Signs of a leaky gut and how to deal with it 10

You can often diagnose ‘leaky gut’ through symptoms related to food intolerances, including bloating and stomach cramps after eating, or a feeling of ‘sensitivity’ to certain foods.

The idea of having a ‘leaky gut’ sounds quite out of the ordinary, and if you pay a visit to your GP mentioning that you suspect such a thing, they will probably turn you away thinking you have read an alternative medicine hypothesis for digestive symptoms. Such controversy exists with the term ‘leaky gut syndrome’, as some practitioners have blown it out of proportion, suggesting it to be a disease. In reality, it is evident that a ‘leaky gut’ is simply a term used for a permeable gut lining associated with inflammation.

What is a leaky gut?

To understand the issue of a leaky gut, it is important to know the physiological processes in your body. In a healthy digestive tract, the cells lining the intestines are plumped up and closely packed together, carefully controlling the absorption of nutrients from food. In an individual with a leaky gut, i.e. a semi permeable gut lining, the cells become inflamed and gaps appear between the cells, large enough for food particles and other toxins to enter directly into the bloodstream. If someone’s digestion is in a poor condition, undigested food particles may pass through these gaps between the cells in the intestines, and the immune system may react to this by creating more inflammation. Excess inflammation can cause further damage to cells, exacerbating the problem. A leaky gut is therefore often an ongoing issue, and frequently undiagnosed.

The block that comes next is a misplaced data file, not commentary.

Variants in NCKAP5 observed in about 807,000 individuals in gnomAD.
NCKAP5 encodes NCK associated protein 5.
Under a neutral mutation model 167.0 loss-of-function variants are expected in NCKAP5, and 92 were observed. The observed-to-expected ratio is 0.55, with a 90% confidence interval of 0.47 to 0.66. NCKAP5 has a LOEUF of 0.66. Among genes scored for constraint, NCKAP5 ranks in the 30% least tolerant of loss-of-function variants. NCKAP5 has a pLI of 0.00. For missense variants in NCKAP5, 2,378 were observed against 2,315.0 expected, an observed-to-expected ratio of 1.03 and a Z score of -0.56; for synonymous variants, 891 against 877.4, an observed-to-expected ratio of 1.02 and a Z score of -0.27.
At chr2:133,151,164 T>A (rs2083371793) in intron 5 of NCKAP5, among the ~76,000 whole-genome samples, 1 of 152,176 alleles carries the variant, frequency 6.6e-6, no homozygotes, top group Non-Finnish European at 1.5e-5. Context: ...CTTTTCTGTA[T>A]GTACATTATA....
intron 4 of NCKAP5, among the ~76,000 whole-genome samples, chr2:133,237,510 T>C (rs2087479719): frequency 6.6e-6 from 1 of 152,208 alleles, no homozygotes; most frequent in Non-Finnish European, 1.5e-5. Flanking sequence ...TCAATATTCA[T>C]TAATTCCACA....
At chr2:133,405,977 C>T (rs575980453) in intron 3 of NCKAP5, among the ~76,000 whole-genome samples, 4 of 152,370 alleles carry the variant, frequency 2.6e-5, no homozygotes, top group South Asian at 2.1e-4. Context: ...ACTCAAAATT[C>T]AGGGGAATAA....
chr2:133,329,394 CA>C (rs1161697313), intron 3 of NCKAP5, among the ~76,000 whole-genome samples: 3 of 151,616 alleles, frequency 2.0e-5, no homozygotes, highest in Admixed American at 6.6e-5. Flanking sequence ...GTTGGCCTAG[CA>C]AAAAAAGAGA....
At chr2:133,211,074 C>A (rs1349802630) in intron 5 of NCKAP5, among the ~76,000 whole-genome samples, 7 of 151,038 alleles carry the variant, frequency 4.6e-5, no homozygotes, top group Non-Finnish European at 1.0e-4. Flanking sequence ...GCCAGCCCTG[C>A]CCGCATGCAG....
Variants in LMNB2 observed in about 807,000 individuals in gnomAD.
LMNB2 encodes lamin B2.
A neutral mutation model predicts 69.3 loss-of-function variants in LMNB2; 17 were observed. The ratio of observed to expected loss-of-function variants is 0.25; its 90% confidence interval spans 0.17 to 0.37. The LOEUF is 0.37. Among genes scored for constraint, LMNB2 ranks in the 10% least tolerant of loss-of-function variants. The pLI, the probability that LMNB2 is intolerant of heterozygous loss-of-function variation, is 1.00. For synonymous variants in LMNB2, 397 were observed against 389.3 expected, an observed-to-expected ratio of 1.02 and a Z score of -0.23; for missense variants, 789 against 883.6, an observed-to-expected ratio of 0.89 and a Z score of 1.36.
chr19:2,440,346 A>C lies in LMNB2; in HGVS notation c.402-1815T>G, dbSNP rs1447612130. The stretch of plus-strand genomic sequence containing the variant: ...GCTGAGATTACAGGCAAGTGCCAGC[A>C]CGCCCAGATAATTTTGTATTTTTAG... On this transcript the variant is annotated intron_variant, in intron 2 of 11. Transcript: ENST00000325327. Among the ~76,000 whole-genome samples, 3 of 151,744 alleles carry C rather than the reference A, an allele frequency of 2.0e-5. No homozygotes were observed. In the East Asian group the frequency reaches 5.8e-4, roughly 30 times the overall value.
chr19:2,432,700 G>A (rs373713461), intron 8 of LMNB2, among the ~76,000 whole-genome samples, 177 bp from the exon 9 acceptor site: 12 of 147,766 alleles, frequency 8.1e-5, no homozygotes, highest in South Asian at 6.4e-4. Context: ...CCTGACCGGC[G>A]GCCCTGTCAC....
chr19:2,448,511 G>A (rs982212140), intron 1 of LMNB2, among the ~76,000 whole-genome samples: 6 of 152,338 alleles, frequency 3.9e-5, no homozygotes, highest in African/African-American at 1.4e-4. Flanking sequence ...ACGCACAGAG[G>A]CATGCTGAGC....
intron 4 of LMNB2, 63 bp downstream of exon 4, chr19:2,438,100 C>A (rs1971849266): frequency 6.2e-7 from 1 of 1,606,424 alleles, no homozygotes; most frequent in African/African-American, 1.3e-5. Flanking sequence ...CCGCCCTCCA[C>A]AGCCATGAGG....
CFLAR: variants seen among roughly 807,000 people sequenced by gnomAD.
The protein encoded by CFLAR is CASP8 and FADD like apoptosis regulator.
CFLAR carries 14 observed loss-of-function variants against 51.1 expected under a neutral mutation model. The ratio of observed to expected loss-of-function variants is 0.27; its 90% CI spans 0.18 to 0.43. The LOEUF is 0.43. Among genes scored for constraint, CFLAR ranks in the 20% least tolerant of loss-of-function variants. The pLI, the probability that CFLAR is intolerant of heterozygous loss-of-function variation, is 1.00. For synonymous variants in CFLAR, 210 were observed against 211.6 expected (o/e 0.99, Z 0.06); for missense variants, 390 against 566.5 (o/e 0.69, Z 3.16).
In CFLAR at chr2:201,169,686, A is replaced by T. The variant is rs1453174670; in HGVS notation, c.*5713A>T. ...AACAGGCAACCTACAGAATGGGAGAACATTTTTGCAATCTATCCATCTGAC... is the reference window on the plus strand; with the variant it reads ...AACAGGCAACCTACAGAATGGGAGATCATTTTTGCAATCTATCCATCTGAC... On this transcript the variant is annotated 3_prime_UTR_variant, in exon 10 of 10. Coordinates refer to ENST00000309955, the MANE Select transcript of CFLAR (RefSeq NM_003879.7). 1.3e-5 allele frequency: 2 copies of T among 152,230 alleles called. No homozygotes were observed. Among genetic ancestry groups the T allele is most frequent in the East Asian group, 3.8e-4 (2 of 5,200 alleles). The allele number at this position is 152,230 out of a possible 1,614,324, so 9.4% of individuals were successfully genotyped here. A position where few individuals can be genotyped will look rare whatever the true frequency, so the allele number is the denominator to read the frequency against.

Diagnosis and symptoms

You may suspect that you have a leaky gut, but how do you know for certain? A digestive stool analysis can reveal this information by testing secretory IgA (Immunoglobulin A) levels. IgA is an antibody used by the immune system to identify and fight off unwanted objects such as infectious bacteria, and this specific type of antibody is produced in mucosal linings (the gut wall). As unwanted undigested food particles may pass through the gut lining, the immune reaction involving high levels of IgA antibodies may suggest a permeable gut lining.

“If you have an intolerance to a food, or several foods, you almost certainly have a leaky gut.”